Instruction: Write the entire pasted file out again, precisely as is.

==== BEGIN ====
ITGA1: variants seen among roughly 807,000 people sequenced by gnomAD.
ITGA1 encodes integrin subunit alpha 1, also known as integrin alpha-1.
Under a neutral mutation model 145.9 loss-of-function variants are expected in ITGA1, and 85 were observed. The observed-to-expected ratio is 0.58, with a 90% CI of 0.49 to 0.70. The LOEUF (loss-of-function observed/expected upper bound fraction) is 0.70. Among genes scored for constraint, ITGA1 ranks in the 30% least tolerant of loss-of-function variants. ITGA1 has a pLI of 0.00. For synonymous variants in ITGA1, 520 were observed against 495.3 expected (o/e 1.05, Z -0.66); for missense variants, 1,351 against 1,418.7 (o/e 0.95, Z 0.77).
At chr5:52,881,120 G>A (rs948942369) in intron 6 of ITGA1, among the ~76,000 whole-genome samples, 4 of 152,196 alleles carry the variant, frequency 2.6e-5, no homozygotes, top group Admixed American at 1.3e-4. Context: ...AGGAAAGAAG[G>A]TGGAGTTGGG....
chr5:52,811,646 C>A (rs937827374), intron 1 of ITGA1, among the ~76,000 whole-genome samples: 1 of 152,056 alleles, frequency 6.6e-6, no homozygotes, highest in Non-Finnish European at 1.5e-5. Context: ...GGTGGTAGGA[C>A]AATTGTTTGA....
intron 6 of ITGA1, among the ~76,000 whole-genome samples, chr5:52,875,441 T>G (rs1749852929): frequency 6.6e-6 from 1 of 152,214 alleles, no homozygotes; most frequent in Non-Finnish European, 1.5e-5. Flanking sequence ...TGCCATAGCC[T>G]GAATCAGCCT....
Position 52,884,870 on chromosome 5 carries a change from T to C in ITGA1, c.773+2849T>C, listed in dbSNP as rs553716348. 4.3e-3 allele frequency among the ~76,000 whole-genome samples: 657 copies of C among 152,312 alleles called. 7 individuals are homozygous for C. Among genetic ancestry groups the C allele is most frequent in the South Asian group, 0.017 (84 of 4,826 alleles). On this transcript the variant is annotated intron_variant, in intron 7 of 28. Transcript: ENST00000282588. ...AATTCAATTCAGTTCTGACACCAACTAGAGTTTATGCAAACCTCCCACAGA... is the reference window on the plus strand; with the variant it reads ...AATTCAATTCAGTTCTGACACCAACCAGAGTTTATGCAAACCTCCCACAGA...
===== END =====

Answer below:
ITGA1: variants seen among roughly 807,000 people sequenced by gnomAD.
ITGA1 encodes integrin subunit alpha 1, also known as integrin alpha-1.
Under a neutral mutation model 145.9 loss-of-function variants are expected in ITGA1, and 85 were observed. The observed-to-expected ratio is 0.58, with a 90% CI of 0.49 to 0.70. The LOEUF (loss-of-function observed/expected upper bound fraction) is 0.70. Among genes scored for constraint, ITGA1 ranks in the 30% least tolerant of loss-of-function variants. ITGA1 has a pLI of 0.00. For synonymous variants in ITGA1, 520 were observed against 495.3 expected (o/e 1.05, Z -0.66); for missense variants, 1,351 against 1,418.7 (o/e 0.95, Z 0.77).
At chr5:52,881,120 G>A (rs948942369) in intron 6 of ITGA1, among the ~76,000 whole-genome samples, 4 of 152,196 alleles carry the variant, frequency 2.6e-5, no homozygotes, top group Admixed American at 1.3e-4. Context: ...AGGAAAGAAG[G>A]TGGAGTTGGG....
chr5:52,811,646 C>A (rs937827374), intron 1 of ITGA1, among the ~76,000 whole-genome samples: 1 of 152,056 alleles, frequency 6.6e-6, no homozygotes, highest in Non-Finnish European at 1.5e-5. Context: ...GGTGGTAGGA[C>A]AATTGTTTGA....
intron 6 of ITGA1, among the ~76,000 whole-genome samples, chr5:52,875,441 T>G (rs1749852929): frequency 6.6e-6 from 1 of 152,214 alleles, no homozygotes; most frequent in Non-Finnish European, 1.5e-5. Flanking sequence ...TGCCATAGCC[T>G]GAATCAGCCT....
Position 52,884,870 on chromosome 5 carries a change from T to C in ITGA1, c.773+2849T>C, listed in dbSNP as rs553716348. 4.3e-3 allele frequency among the ~76,000 whole-genome samples: 657 copies of C among 152,312 alleles called. 7 individuals are homozygous for C. Among genetic ancestry groups the C allele is most frequent in the South Asian group, 0.017 (84 of 4,826 alleles). On this transcript the variant is annotated intron_variant, in intron 7 of 28. Transcript: ENST00000282588. ...AATTCAATTCAGTTCTGACACCAACTAGAGTTTATGCAAACCTCCCACAGA... is the reference window on the plus strand; with the variant it reads ...AATTCAATTCAGTTCTGACACCAACCAGAGTTTATGCAAACCTCCCACAGA...